The police were always unbelievably indulgent. In Nizhny Novgorod, Tajiks feared going to the police because every such approach inevitably ended in their own arrests (with traditional references to "illegitimate presence on the territory of the Russian Federation") with the following extortion of bribes or - whenever there was nothing to be extorted - a beating and deportation. Feeling impunity, skinhead movement grew up fast. These days, there are 50,000 skinheads in Russia. Between 5,000 and 5,500 skinheads live and operate in Moscow and the region, up to 3,000 in St. Petersburg and the environs, over 2,500 in Nizhny Novgorod, more than 1,500 in Rostov-on-Don. There are over 1,000 skinheads in Pskov, Kaliningrad, Yekaterinburg, and Krasnodar each, and several hundred in each of the following cities - Voronezh, Samara, Saratov, Krasnoyarsk, Irkutsk, Omsk, Tomsk, Vladivostok, Ryazan, Petrozavodsk. Back in 1992, there were just a dozen skinheads in Moscow and five or so in St. Petersburg. Skinhead gangs exist in approximately 85 Russian cities nowadays.
Ultra-right and nationalist parties and organizations view skinheads as their potential recruiting pool. In Moscow, the Russian National Socialist Party (Russian National Union before 1998) was the first to turn its attention to skinheads.
Liberty Party (Russian National Republican Party before 2000) handles skinheads in St. Petersburg, and Russian National Unity and the Russian Guard (a splinter group) in the Trans-Volga region and Krasnodar.
It should be noted as well that most ultra-right parties began working with skinheads only when advised to do so by their Western counterparts. Emissaries of neo-fascist groups have been regularly coming to Russia since 1997 from the United States, Germany, the Czech Republic, and Austria. They came with recommendations on how skinheads should be handled, The United States for example was represented by KKK, Germany by Viking Youth (banned in Germany itself), German People's Union, Steel Helmet (also banned), National People's Front, Right Union, etc. Fascist emissaries know no visa barriers.
Skinheads feel at home in most Russian cities. The police and the authorities are clearly on their side. Choi Yun Shik (President of the Association of South Korean Students studying in Moscow) and Gabriel Kotchofa (President of the Moscow Association of Foreign Students) claim that the Moscow police refused to press charges against skinheads in literally hundreds episodes. Colonel Mikhail Kirilin of the Public Relations Center of the Federal Security Service and Vladimir Vershkov of the PR Department of the Moscow Municipal Internal Affairs Directorate told The Moscow Times that these services do not regard skinheads as something dangerous. Perhaps, existence of the skinhead movement is even beneficial to some because they are someone on whom blame for the crimes committed by others may be pinned. The raid to the camp of Tajik refugees in the Moscow region in 1997 (when an infant was murdered) was pinned on skinheads, but it was clear from the very beginning that the operation was much too professional.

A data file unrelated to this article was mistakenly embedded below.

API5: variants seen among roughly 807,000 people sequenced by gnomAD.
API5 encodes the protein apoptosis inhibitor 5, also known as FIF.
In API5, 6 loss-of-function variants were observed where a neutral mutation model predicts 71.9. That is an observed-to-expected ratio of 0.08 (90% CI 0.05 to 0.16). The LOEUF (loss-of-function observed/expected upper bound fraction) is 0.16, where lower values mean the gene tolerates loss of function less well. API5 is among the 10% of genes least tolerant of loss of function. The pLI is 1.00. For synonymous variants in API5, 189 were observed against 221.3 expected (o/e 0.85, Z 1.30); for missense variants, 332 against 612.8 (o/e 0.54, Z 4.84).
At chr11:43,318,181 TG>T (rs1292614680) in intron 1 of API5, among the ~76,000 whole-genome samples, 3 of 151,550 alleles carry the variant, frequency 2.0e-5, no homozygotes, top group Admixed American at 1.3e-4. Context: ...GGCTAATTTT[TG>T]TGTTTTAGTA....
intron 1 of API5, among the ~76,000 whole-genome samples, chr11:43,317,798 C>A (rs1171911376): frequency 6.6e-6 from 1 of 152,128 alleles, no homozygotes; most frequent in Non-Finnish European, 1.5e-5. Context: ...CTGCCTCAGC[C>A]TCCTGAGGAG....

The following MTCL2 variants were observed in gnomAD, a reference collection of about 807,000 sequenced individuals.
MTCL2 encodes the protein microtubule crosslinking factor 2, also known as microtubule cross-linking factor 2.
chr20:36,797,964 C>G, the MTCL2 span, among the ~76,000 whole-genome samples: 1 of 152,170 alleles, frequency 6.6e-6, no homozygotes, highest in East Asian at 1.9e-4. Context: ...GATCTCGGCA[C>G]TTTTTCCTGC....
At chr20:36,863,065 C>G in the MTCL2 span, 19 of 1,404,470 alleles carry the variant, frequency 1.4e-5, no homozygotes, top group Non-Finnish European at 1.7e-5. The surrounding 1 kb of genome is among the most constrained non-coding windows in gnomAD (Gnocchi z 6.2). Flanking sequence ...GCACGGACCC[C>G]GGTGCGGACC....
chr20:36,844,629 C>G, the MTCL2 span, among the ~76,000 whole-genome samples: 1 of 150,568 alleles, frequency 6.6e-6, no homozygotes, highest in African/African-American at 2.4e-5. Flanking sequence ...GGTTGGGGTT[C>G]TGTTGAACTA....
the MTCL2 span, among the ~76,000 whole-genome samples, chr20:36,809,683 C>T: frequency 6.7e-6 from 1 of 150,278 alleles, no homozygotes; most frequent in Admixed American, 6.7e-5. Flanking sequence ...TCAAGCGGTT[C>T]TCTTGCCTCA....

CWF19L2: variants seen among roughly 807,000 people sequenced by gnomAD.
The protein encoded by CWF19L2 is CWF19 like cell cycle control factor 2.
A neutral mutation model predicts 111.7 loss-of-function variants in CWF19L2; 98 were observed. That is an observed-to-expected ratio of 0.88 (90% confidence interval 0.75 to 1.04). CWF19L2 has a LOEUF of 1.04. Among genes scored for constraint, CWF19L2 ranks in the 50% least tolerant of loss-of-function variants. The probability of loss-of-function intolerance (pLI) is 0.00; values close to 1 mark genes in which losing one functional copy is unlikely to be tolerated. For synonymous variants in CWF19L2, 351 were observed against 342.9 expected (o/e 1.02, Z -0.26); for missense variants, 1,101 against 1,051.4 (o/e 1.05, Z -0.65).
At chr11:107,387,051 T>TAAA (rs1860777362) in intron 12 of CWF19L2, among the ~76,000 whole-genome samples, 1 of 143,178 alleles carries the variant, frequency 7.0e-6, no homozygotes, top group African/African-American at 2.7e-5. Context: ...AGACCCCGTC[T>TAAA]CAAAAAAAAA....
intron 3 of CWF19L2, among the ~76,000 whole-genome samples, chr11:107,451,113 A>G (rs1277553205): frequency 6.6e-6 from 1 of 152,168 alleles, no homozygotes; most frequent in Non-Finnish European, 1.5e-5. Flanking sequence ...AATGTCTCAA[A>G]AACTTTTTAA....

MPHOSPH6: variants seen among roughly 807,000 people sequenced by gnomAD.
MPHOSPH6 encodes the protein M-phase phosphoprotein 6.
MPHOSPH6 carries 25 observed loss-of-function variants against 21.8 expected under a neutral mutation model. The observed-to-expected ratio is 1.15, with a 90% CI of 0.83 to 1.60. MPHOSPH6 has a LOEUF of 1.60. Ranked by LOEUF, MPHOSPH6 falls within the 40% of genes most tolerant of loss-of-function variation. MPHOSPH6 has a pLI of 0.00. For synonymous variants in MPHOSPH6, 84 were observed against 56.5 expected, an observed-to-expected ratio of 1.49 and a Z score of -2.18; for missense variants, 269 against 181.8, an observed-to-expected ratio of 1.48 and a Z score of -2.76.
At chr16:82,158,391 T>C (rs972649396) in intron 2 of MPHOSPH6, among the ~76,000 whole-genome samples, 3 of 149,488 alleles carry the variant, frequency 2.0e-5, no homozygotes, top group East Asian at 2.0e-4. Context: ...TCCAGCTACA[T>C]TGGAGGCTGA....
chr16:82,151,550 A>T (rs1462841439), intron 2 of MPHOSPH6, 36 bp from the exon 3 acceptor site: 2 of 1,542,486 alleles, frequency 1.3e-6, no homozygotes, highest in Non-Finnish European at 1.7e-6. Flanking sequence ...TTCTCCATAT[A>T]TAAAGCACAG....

There are numerous reports that Nazi skinheads are encouraged, organized, and used by ruling circles of Russia. There were the reports in the past that the Nazis had the protection of the regional authorities (Krasnodar and Stavropol territories, Pskov region)and law enforcement agencies (Saratov, Voronezh, Nizhny Novgorod, Volgograd, Samara). It was established in 2002 that Nazi skinheads were trained at the camp of the Moscow OMON. It would have been impossible without permission from the upper echelons of the federal Interior Ministry. In fact, close contacts between the Moscow police,Russian National Unity, and skinheads were exposed in November 2001 when racist policemen Adanjaev and Yevdokimov were facing trial.
Dismissed by the authorities and ignored by the media, skinheads progressed to pogroms. The first pogrom took place at the Vietnamese hostel near Sokol metro station in Moscow on October 21, 2000. The authorities and the media kept the matter under the lid, and skinheads smashed up the Armenian school on March 15, 2001. The police - when they came - merely dispersed skinheads. Not a single arrest was made. Ignoring protests of the Moscow Armenian community and official structures of the Republic of Armenia, city fathers did not lift a finger to do anything about it.
A pogrom at the marketplace in Yasenevo was next. It was too serious an incident to keep under the lid. Six skinheads were eventually brought to trial.
The following pogrom began at the marketplace near Tsaritsyno metro station and ended by the Hotel Sevastopol where Afghans reside. At least 300 skinheads participated. Over 80 people were injured, 22 ended up hospitalized, 4 were killed (a Moscow Armenian, citizen of India, citizen of Tajikistan, and a refugee from Afghanistan). A public outcry followed. Moscow authorities were forced to set up a special division to fight youth extremism. The Federal Security Service (FSB) claimed a lack of any information on the problem and was very uncooperative when approached for help.
Only five skinheads faced trial.
Yasenevo and Tsaritsyno pogroms set the example. A wave of pogroms swept the country
Before "the second wave," skinheads in Russia numbered between 35,000 and 40,000. When the wave is finally over, they will number between 75,000 and 80,000. And since youth subcultures never disappear in Russia completely (not like in the West), it is reasonable to assume that skinheads are here to stay.
SOURCE: Russkii Kurier, June 18, 2004, pp. 12-13
What the Papers Say. Part B (Russia)